A local medical provider that serves low-income families in Springfield and Clark County will expand into dentistry soon.
Rocking Horse Community Health Center intends to open a wing at its South Limestone Street center in September to offer dental care predominately to local children.
The need is large in Clark County, Human Resources Director Marianne Aquino said. More than 5,000 local children are without dental services, according to a Clark County Combined Health District survey.
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“Fourteen percent of kids in this area have never seen a dentist and 15 percent are in constant tooth pain because their families don’t have the means,” Aquino said, citing stats from the health district survey.
Many reasons exist why a child’s family can’t get them the dental care they need, Aquino said.
“Either they don’t have the insurance, they are unemployed or their jobs don’t offer dental insurance,” she said. “There are so many reasons why kids have this gap and it can lead to not only social issues around poor teeth and gums but it can lead to other physical problems.”
An infection in the mouth can create an abundance of medical problems, she said.
“We have got a lot of kids that we are really hoping we can help by adding this in and that is our entire mission,” Aquino said.
The practice will open in September with three dental chairs, Rocking Horse CEO Kent Youngman said. He hopes to have eight dental chairs ready for patients at the beginning of 2018. The office will likely serve about 70 percent children and 30 percent adults.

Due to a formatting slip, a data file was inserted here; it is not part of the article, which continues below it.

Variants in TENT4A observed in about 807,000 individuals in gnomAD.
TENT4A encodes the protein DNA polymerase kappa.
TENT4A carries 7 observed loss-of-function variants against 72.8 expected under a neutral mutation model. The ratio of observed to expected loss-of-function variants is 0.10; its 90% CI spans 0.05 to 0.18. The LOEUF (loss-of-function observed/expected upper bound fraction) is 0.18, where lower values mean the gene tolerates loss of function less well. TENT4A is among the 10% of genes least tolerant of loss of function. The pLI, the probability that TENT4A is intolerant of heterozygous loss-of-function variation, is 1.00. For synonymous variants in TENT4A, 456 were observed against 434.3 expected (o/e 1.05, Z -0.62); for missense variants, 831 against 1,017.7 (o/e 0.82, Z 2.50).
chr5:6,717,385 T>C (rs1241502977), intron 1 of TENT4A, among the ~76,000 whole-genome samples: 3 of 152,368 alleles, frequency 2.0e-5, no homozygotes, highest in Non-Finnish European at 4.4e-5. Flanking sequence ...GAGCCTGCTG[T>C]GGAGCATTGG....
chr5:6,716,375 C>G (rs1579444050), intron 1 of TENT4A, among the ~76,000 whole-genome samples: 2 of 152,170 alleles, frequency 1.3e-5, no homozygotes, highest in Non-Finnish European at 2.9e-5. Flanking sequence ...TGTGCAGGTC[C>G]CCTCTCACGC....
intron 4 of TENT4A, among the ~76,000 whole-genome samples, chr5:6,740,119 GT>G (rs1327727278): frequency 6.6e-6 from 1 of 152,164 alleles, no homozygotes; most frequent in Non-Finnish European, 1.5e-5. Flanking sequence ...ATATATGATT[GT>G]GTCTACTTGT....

“Getting a dentist is our biggest challenge,” Youngman said. “There are fewer pediatric dentists in general.”
Along with hiring a dentist, Rocking Horse also needs to hire a dental hygienist and a dental assistant.
“We offer a lot of things here but a really rich compensation package is not one of them,” Youngman said. “That is not the model that we have. We are looking for someone who has to really want to work with underprivileged kids.”
He said the dentist who comes to Rocking Horse will be serving a community that needs the help.
“An internal survey of ours showed that if our kids have a dentist, they were typically driving to Columbus or Dayton to access them because there is only one local dentist that accepts Medicaid here,” Youngman said. “Which means they don’t go as often.”
The plan has always been to put a dental office in Rocking Horse, Youngman said, and the current building has had an open wing for a while. However the medical center didn’t have enough money to open the offices. But all that changed, thanks to a donation.
“We have a local family who at this point wishes to remain anonymous who donated the amount of money that allows us to finish this and equip the area,” he said.
Rocking Horse is still collecting donations for the dental office, Youngman said. The goal is to raise $100,000 through the end of the year. It’s raised about 65 percent of that goal.
Anyone who would like more information on the new dental wing can call 937-324-1111, ext. 203.
5,000: Local children who don’t get dental care
14 percent: Of children in Clark County who have never been to a dentist
15 percent: Of children who are in constant tooth pain but don’t get proper help
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